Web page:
As with any new experimental treatment, there remain several important caveats to the use of Provenge and ipilimumab. Neither therapy prolongs the median survival rate in treated individuals by longer than 5 months. The personalized nature of Provenge also means that the vaccine comes with a hefty price tag. Nonetheless, as Dr. David Penson, who worked on the original Provenge studies, said: “For someone who’d have 18 more months to live, you get 20 percent more life,” when treated with Provenge.

At the same time, scientists are coming up with newer and more promising immune therapies for cancer. One such drug is Ontak, which was originally used to treat T cell lymphoma and has recently exhibited clinical activity when administered to advanced melanoma patients. Ontak acts similarly to ipilimumab, releasing the brakes on the  immune system by depleting a cell type that normally restricts immune responses. Ontak is now going into the final phase of clinical trials. As we await the results from the Ontak study, we can be confident that the next decade will witness the advent of newer, better, and cheaper forms of cancer vaccines and immune therapies.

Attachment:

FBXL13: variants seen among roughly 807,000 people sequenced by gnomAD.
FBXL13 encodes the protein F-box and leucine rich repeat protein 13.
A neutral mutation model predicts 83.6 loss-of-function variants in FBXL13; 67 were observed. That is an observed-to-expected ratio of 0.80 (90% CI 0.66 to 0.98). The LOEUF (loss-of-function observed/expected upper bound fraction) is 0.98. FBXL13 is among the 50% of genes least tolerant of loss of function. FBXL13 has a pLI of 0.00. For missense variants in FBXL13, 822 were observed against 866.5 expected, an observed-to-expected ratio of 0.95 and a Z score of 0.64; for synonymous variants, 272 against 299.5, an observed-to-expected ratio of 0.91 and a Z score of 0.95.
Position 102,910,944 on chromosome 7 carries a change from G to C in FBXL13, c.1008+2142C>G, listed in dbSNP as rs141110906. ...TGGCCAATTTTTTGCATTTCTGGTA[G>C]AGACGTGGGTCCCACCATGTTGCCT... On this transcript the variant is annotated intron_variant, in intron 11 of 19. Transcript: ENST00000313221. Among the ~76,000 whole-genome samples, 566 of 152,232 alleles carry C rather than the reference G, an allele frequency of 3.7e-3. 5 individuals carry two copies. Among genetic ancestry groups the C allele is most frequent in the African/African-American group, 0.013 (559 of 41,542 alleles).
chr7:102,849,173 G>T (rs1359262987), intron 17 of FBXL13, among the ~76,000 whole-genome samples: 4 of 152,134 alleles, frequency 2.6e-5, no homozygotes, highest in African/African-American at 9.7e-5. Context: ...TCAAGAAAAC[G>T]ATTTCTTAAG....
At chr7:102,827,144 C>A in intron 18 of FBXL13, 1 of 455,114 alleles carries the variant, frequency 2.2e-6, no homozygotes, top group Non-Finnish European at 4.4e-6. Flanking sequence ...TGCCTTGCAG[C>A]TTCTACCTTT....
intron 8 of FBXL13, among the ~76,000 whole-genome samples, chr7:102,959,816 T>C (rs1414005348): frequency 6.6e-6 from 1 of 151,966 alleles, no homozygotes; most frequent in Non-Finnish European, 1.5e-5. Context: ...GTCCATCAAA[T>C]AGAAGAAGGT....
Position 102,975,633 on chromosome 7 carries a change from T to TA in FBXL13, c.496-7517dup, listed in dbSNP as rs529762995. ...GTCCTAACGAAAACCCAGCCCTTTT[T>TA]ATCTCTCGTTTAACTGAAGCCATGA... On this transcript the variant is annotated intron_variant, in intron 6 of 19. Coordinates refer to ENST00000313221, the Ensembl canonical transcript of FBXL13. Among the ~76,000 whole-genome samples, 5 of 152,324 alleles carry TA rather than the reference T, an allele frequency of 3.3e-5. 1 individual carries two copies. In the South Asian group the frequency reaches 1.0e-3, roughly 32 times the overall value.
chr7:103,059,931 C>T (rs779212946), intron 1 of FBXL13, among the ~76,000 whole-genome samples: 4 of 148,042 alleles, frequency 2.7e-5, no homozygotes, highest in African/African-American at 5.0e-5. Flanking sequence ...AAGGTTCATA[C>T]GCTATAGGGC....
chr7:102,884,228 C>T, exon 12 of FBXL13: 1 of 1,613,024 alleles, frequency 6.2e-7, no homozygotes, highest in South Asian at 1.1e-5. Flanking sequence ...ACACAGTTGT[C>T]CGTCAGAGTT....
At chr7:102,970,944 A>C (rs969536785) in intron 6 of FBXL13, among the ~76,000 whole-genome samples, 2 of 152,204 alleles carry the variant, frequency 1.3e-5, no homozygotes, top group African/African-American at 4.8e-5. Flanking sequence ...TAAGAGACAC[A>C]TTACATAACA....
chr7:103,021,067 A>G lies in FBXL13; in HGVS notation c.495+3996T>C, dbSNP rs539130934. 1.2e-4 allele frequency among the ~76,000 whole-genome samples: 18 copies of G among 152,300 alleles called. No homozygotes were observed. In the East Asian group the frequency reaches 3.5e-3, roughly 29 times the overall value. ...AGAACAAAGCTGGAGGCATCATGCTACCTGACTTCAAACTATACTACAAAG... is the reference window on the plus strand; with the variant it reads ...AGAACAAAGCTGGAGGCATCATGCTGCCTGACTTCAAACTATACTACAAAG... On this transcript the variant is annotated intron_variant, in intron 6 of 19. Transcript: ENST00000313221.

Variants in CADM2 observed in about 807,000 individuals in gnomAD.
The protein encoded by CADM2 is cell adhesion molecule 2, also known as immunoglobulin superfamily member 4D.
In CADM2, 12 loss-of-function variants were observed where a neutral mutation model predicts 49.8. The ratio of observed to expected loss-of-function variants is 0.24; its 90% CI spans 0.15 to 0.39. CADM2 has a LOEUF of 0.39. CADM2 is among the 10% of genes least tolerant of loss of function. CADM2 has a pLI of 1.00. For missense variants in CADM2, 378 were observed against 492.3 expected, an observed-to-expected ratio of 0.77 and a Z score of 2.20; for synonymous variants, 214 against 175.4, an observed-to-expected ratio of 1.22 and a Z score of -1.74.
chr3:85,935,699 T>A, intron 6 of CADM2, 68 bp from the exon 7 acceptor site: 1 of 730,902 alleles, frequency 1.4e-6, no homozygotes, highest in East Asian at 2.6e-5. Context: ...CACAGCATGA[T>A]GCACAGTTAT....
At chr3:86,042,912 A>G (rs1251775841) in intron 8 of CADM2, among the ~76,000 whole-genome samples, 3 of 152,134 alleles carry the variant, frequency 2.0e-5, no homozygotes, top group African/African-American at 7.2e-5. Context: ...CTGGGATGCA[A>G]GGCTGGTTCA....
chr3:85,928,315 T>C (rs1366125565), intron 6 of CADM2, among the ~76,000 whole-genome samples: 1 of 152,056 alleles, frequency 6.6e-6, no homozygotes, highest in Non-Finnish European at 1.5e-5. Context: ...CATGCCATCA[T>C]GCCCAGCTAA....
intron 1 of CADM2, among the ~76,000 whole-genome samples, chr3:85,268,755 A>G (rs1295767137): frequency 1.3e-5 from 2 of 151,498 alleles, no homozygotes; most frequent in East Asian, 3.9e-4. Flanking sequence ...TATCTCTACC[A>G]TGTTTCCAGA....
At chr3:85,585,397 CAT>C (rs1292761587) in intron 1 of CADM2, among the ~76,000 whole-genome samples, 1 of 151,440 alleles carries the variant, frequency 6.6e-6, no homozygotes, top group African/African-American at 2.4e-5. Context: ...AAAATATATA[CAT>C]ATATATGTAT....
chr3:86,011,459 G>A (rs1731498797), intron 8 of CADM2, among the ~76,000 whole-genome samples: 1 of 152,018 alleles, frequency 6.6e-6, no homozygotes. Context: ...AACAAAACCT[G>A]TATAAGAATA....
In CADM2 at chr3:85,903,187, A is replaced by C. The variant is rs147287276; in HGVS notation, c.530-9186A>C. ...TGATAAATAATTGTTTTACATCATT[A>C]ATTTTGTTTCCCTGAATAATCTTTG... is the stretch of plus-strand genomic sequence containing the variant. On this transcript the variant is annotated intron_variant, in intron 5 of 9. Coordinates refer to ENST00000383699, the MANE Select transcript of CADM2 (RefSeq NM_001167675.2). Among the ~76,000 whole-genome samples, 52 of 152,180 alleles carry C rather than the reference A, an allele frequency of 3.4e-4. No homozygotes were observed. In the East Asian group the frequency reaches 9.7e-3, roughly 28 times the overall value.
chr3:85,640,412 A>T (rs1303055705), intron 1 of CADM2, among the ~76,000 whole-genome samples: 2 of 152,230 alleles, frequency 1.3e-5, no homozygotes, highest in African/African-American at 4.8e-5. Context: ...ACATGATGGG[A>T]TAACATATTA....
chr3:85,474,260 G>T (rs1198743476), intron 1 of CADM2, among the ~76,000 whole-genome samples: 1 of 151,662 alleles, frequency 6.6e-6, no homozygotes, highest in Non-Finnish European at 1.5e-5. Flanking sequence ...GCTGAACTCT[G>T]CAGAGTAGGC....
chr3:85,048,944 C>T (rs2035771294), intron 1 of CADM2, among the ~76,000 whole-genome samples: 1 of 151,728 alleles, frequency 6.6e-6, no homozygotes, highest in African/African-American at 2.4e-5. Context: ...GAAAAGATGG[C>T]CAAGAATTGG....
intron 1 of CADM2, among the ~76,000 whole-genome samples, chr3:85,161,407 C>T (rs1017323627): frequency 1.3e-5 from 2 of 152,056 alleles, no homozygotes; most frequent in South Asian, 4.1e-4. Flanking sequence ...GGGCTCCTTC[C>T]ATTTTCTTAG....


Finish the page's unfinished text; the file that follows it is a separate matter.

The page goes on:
Tze G. Tan is a graduate student at Harvard Medical School.

For more information:

An overview of the human immune system: For more detail, visit the National Institute of Allergy & Infectious Diseases website on the immune system:

An informative multimedia website explaining how cancer cells differ from normal cells:

An overview of cancer immunology and immune therapies: Oliver J. Finn. 2008. N Engl J Med 358:2704-2715.

Immunosurveillance of melanoma cells in mice: Eyles J et al. 2010. J Clin. Invest. 120(6):2030-9.

Transmission of donor melanoma by organ transplantation. 2010. Lancet Oncol. 11(8): 790-796.

A review of cancer immune therapy by the American Cancer Society:

Coverage of ipilimumab in the news:

FDA approval of Provenge in 2010: